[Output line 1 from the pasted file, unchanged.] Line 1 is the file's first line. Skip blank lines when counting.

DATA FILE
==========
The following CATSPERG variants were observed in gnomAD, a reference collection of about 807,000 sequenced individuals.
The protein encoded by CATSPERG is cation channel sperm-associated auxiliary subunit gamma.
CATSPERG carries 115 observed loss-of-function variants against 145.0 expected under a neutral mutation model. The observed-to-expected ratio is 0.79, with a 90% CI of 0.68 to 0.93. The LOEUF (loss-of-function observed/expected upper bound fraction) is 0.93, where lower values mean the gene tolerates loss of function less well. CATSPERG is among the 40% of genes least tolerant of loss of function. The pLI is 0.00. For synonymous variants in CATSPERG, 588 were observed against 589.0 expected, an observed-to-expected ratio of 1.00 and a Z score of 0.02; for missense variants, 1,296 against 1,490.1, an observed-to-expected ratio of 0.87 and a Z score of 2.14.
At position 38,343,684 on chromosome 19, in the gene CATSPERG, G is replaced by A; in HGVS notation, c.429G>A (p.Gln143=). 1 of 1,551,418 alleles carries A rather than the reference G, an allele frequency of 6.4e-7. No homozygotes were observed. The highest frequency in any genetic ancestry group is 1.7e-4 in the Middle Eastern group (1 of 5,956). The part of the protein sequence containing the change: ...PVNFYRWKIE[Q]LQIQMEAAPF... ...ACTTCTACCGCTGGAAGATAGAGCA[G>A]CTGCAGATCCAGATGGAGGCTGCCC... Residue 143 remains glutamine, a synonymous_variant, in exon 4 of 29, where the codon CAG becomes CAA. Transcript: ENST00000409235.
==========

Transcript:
The following CATSPERG variants were observed in gnomAD, a reference collection of about 807,000 sequenced individuals.